Figure 9. IMAT ImageJ plugin. The radiography on the right corresponds to a 40 μs time slice at 12 + 20 = 32 ms. On the left, a copper Bragg edge spectrum, averaged for the yellow-box selection, is displayed.
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Figure 10. (a) Photo and sketch of the FeCu test object; (b) normalized white-beam radiography; (c,d) Fe and Cu enhancement by selecting suitable wavelengths; (e,f) Fe and Cu enhancement by producing image ratios from suitable wavelength ranges.
Figure 10. (a) Photo and sketch of the FeCu test object; (b) normalized white-beam radiography; (c,d) Fe and Cu enhancement by selecting suitable wavelengths; (e,f) Fe and Cu enhancement by producing image ratios from suitable wavelength ranges.
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Figure 11. (a) Bragg edge spectra of Cu and Fe; (b) fit of single Bragg edge; (c) phase fraction map based on Bragg edge heights; (d) relative Bragg edge positions of Fe and Cu.
Figure 11. (a) Bragg edge spectra of Cu and Fe; (b) fit of single Bragg edge; (c) phase fraction map based on Bragg edge heights; (d) relative Bragg edge positions of Fe and Cu.
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Table 1. Current IMAT camera options.
Table 1. Current IMAT camera options.
Camera/Detector TypeCamera/Detector ParametersEnergy-Selection Options and Special Features
Berkeley MCP (Timepix 2)
TOF: Triggered by source
High neutron detection efficiency
Field of View (mm2)28 × 28
Pixel Size (μm)55
Number of Pixels512 × 512
Number of Time Bins 3100
Smallest Time Bin (ns)~10
Registers per pixel1
Detection efficiencyup to 40% for cold neutrons
Oxford-ISIS GP2
TOF: Triggered by source
Compact design: 15 cm × 15 cm × 11 cm
Field of View (mm2)22.7 × 22.7
Pixel Size (μm)70
Number of Pixels324 × 324
Number of Time Bins 4096
Smallest Time Bin (ns)12.5
Registers per pixel4
Detection efficiency7.5% at 2.5 Å
Messina Tomography
Flexible design; autofocus
White beam camera; coarse energy selection via choppers
White beam camera; coarse energy selection via choppers
Source triggered gate: one energy channel
Camera Box
Field of View (mm2)60 × 60–210 × 210
Effective Pixel Size (2048) (μm)29–103
ANDOR Ikon-L 936 CCD2048 × 2048; cooled (i)
ANDOR Zyla sCMOS 4.22048 × 2048 (ii)
ANDOR iStar DH712 CCD512 × 512; gatable (iii)
Table 2. Envisaged future IMAT camera systems.
Table 2. Envisaged future IMAT camera systems.
Camera/Detector TypeCamera/Detector ParametersEnergy-Selection
Berkeley MCP (Timepix 3)See MCP above; sparsified readout; 10,000 time bins;
enlarged field of view, e.g., 28 × 110 mm2
TOF: Triggered by source
Tiled MCP
Tiled Oxford-ISIS GP2See GP2 above; enlarged field of view, e.g., 22 × 194 mm2
TOF: Triggered by source
nGEM gas electron multiplier (e.g., [39 ])
TOF: Triggered by source
Field of View (mm2)100 × 100
Number of pixels125 × 125
Effective Pixel Size (μm)~800
Additional options for Messina Optical Tomography Box
Source triggered gate: one energy channel per neutron pulse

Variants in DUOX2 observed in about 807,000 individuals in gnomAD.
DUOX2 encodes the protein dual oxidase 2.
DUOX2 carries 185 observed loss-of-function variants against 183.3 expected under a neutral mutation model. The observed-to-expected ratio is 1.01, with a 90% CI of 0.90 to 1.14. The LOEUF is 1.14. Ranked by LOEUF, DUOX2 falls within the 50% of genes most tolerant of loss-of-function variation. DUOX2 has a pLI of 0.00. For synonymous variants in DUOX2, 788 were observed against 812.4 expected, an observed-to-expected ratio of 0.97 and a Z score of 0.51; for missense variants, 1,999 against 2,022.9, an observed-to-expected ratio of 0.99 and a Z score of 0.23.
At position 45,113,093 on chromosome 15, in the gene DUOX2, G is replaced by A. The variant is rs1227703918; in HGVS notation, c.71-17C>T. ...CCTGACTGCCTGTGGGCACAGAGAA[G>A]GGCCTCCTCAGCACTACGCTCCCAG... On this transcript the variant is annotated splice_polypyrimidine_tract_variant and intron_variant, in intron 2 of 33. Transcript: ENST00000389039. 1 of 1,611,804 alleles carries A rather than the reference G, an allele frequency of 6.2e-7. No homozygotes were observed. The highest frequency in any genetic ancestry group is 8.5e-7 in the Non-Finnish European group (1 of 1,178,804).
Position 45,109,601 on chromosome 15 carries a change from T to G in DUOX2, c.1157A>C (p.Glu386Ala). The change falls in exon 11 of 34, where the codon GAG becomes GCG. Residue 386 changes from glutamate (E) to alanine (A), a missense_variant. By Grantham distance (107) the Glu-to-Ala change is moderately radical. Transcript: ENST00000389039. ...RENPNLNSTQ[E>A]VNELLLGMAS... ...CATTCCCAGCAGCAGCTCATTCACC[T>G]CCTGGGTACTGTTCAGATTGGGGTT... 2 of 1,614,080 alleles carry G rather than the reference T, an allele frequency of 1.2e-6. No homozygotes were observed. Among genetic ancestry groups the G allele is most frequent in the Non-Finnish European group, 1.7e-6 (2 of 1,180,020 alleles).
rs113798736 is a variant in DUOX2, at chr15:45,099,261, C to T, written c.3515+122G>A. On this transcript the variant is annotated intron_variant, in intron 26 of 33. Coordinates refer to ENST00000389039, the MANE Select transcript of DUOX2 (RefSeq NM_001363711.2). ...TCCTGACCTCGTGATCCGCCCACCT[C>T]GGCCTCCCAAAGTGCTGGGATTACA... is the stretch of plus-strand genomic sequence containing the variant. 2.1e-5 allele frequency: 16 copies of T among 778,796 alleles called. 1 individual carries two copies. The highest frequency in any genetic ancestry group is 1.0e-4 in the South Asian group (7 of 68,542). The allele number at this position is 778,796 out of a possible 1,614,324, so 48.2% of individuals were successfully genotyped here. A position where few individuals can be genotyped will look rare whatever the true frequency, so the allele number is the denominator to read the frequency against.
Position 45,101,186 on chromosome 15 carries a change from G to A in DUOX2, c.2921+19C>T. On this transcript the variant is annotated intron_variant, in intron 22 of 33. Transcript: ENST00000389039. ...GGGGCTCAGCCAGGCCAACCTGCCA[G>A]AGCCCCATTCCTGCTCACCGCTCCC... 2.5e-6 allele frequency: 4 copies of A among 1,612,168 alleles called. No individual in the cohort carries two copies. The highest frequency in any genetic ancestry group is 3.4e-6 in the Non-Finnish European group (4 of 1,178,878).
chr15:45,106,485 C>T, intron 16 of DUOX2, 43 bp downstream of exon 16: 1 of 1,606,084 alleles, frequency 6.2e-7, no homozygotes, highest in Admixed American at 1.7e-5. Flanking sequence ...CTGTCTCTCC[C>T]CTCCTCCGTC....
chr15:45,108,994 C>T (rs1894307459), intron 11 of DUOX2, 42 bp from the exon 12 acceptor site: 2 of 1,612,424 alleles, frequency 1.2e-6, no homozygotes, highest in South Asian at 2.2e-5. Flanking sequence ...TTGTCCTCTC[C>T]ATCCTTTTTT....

Gated CCD or CMOS
Field of View (mm2)60 × 60–210 × 210
Number of pixels2048 × 2048
Effective Pixel Size (μm)29–103
High Frame Rate Camera105 frames per second; field of view e.g., ~30 × 30 mm2
Source triggered: multiple energy channels per pulse
High-Resolution Camera
White beam camera; energy selection via choppers
Field of View (mm2)30 × 30
Number of Pixels4096 × 4096; cooled
Effective Pixel Size (μm)7.3
Table 3. IMAT instrument parameters for TOF imaging. Performance parameters are taken from [29]. Estimated resolution and counting times refer to radiography (2D) and tomography (3D) experiments.
Table 3. IMAT instrument parameters for TOF imaging. Performance parameters are taken from [29]. Estimated resolution and counting times refer to radiography (2D) and tomography (3D) experiments.
Neutron Source10 Hz Pulsed Source
Neutron spectrumCold spectrum, with a maximum at 2.6 Å;
100 × 100 mm2 view onto the LH2-moderator @ 18 K
Neutron transport44 m, m = 3, straight supermirror guide with square
(95 × 95 mm2) cross section
Single/double frame bandwidth6 Å/12 Å
Flight path to pinhole 46 m
Flight path to sample56 m (centre of sample positioning system)
L/DL/D: 2000, 1000, 500, 250, 125 (nominal)
L/D: …, 1150, 510, 245, … (measured)
Maximum neutron flux3.8 107 n/cm2/s (measured, for 100 × 100 mm2 pinhole)
Maximum field of view @ 56 m185 × 185 mm2
Wavelength resolutionΔλ/λ < 0.4% (<2 Å) (measured)
Δλ/λ < 0.8% (>2 Å) (measured)
Spatial resolution and data collection time (ballpark numbers, for L/D ~ 250)
White-beamPink-beamTOF (Bragg edge)
δλ/λ ~ 25%δλ/λ < 0.8%
Collection time (hours)4–88–162–6
Spatial resolution (μm)50 (3D)100 (3D)200 (2D)
Field of view (μm)200 × 200 200 × 200 20 × 20
Table 4. Expected Bragg edge positions of Cu and Fe; lower and higher TOF boundaries of MCP shutters (in seconds) indicating the readout gaps, and spanning a total range 12–95 ms. In addition, the trigger signals and acquisition frame are delayed by 20 ms; MCP clock frequency 100 MHz/2n with clock divider (n); time channel width (in μs); number of time bins (sum: 2612).
Table 4. Expected Bragg edge positions of Cu and Fe; lower and higher TOF boundaries of MCP shutters (in seconds) indicating the readout gaps, and spanning a total range 12–95 ms. In addition, the trigger signals and acquisition frame are delayed by 20 ms; MCP clock frequency 100 MHz/2n with clock divider (n); time channel width (in μs); number of time bins (sum: 2612).
Calculated Bragg Edge Positions:
(hkl) (Cu)λ (A)T (μs)(hkl)(Fe)λ (A)T (μs)
(1 1 1)4.17459,465(1 1 0)4.05157,710
(2 0 0)3.61551,500(2 0 0)2.86540,815
(2 2 0)2.55636,410(2 1 1)2.339 33,320
(3 1 1)2.18031,060(2 2 0)2.02628,860
TOFminTOFmaxnTime binnumber of time slices
(s)(s) (μs)
12 × 10−332.68 × 10−3840.96504
33 × 10−357.68 × 10−3920.481205
58 × 10−395 × 10−3840.96903